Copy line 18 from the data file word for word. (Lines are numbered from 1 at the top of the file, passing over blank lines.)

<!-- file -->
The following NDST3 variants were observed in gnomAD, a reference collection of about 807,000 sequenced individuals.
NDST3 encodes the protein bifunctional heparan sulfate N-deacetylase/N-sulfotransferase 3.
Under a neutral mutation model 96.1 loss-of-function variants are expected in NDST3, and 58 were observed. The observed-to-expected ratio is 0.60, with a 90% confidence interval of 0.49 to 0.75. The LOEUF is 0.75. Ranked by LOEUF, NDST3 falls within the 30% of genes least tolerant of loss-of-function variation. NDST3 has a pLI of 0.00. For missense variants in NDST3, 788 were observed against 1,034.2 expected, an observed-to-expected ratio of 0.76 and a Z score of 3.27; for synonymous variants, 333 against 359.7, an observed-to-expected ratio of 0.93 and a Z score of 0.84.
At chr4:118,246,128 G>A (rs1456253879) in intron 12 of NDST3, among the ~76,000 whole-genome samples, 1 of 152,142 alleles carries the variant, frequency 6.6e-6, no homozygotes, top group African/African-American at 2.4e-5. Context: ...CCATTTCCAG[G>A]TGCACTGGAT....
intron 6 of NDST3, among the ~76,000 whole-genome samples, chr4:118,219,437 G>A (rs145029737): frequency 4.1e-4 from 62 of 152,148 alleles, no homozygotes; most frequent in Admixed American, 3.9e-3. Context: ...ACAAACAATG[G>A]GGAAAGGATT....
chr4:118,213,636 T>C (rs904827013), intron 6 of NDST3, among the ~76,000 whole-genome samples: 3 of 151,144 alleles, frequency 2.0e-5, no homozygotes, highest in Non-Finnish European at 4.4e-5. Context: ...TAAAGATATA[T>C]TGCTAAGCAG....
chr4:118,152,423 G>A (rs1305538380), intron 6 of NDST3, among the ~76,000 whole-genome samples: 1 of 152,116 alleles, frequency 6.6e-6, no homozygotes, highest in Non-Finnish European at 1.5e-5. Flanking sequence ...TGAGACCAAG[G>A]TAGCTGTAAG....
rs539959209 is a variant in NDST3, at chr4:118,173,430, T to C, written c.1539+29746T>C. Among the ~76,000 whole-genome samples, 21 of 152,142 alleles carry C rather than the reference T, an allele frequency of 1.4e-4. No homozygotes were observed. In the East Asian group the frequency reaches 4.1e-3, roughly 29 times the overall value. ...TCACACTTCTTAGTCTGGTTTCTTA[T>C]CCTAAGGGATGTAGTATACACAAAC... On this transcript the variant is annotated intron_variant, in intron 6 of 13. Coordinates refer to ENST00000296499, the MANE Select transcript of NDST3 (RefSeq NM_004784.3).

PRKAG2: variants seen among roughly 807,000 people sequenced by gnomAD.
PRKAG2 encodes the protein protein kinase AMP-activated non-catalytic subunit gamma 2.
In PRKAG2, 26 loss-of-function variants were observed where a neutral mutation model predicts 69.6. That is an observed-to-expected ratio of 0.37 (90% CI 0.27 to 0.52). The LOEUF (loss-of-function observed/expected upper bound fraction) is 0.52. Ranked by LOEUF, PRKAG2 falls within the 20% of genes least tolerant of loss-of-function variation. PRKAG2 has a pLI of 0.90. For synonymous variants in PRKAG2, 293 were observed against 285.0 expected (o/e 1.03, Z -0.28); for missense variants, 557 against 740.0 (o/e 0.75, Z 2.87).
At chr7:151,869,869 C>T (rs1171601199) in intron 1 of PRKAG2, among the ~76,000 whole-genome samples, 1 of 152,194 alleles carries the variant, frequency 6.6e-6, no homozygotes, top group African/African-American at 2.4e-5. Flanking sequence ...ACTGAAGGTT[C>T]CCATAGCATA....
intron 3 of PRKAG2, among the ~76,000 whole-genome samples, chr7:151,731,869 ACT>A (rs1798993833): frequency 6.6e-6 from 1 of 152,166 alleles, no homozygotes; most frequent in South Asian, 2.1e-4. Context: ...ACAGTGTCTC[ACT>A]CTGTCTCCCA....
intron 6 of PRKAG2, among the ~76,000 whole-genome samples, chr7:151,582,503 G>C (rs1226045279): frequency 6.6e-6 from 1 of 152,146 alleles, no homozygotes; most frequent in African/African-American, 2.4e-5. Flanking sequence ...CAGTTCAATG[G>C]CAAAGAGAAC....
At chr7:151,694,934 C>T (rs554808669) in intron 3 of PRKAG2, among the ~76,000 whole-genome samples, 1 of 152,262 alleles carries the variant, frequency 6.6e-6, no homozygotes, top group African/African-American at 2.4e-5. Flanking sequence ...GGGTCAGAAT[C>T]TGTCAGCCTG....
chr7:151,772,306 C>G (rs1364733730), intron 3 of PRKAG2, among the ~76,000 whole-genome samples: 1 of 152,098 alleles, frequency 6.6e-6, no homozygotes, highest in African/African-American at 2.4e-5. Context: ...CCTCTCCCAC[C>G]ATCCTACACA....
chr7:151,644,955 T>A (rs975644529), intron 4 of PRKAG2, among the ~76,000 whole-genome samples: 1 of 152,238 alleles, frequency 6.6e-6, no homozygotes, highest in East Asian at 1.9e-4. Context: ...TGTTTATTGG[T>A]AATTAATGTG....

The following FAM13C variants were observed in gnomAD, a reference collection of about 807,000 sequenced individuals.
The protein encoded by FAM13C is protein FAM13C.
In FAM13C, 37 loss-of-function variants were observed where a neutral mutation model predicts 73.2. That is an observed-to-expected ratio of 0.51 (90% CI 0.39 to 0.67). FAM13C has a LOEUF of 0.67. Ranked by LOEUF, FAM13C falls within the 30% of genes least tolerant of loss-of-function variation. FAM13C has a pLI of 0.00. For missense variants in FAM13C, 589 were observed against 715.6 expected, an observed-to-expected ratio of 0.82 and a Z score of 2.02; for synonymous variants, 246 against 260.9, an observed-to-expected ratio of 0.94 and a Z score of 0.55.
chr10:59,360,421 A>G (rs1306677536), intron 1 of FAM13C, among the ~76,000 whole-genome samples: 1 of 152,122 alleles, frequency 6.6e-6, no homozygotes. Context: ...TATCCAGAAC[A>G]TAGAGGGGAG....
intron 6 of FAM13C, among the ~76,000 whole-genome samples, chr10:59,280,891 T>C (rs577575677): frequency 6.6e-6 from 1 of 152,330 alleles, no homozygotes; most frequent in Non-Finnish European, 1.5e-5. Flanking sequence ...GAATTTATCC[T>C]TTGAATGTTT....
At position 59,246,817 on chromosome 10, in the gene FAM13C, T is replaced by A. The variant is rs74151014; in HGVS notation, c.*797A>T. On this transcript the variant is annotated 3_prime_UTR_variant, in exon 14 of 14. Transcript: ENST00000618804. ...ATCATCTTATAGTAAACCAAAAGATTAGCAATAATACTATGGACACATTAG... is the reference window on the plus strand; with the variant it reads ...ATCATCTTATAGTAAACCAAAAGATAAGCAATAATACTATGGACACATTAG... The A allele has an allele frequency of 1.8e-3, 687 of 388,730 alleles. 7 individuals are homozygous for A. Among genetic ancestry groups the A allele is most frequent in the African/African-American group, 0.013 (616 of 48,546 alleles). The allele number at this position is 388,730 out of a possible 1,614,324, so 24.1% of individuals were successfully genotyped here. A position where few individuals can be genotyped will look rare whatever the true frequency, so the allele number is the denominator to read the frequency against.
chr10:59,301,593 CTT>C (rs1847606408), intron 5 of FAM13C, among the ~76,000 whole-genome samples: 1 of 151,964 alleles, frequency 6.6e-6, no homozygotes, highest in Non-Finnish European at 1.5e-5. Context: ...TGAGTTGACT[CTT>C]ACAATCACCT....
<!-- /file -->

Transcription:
The following FAM13C variants were observed in gnomAD, a reference collection of about 807,000 sequenced individuals.